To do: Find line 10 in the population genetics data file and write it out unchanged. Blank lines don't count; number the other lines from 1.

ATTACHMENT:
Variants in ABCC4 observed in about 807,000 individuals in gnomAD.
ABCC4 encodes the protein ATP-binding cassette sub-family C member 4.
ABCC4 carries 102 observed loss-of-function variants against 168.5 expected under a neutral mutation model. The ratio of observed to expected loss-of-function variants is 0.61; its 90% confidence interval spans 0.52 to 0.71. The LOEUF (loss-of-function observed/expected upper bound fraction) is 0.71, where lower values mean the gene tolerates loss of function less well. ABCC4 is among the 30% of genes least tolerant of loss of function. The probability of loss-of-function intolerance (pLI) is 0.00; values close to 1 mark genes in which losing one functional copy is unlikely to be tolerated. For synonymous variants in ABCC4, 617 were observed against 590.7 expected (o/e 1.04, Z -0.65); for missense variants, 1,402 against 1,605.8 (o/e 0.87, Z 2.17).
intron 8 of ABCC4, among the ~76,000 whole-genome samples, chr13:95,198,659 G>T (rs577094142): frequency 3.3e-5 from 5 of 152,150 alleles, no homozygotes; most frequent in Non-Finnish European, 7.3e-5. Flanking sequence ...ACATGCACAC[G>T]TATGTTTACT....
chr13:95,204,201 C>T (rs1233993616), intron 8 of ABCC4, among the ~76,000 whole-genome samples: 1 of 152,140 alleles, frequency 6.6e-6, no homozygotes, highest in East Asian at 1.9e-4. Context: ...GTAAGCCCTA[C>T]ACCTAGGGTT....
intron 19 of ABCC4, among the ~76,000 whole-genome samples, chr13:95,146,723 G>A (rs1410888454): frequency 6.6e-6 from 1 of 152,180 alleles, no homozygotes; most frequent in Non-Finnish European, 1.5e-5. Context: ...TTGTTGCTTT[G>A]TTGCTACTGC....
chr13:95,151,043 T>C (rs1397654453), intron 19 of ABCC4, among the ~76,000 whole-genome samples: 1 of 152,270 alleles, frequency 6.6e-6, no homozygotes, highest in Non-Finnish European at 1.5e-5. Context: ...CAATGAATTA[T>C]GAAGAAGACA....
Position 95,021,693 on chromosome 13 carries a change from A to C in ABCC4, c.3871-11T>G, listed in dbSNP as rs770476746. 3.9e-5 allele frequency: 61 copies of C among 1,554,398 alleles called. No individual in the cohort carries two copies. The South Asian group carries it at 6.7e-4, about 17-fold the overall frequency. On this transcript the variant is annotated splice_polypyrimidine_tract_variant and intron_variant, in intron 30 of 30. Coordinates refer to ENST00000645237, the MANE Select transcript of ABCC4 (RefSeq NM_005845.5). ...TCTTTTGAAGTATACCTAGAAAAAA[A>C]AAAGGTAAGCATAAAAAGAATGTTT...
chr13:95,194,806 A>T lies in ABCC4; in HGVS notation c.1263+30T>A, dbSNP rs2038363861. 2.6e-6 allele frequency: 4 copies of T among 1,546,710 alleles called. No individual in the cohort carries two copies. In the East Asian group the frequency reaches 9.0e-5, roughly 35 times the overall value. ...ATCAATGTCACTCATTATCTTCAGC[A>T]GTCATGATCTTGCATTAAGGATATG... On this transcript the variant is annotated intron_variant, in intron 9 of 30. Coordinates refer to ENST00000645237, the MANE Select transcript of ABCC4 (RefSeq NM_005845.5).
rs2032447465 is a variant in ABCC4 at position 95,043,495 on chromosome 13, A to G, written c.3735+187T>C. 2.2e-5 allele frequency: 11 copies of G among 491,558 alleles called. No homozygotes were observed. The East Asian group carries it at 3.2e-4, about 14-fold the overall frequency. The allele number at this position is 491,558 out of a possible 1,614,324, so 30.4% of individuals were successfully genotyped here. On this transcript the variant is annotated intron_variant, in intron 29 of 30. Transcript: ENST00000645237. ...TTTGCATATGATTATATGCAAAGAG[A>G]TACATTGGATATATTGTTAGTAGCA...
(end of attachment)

rs2032447465 is a variant in ABCC4 at position 95,043,495 on chromosome 13, A to G, written c.3735+187T>C. 2.2e-5 allele frequency: 11 copies of G among 491,558 alleles called. No homozygotes were observed. The East Asian group carries it at 3.2e-4, about 14-fold the overall frequency. The allele number at this position is 491,558 out of a possible 1,614,324, so 30.4% of individuals were successfully genotyped here. On this transcript the variant is annotated intron_variant, in intron 29 of 30. Transcript: ENST00000645237. ...TTTGCATATGATTATATGCAAAGAG[A>G]TACATTGGATATATTGTTAGTAGCA...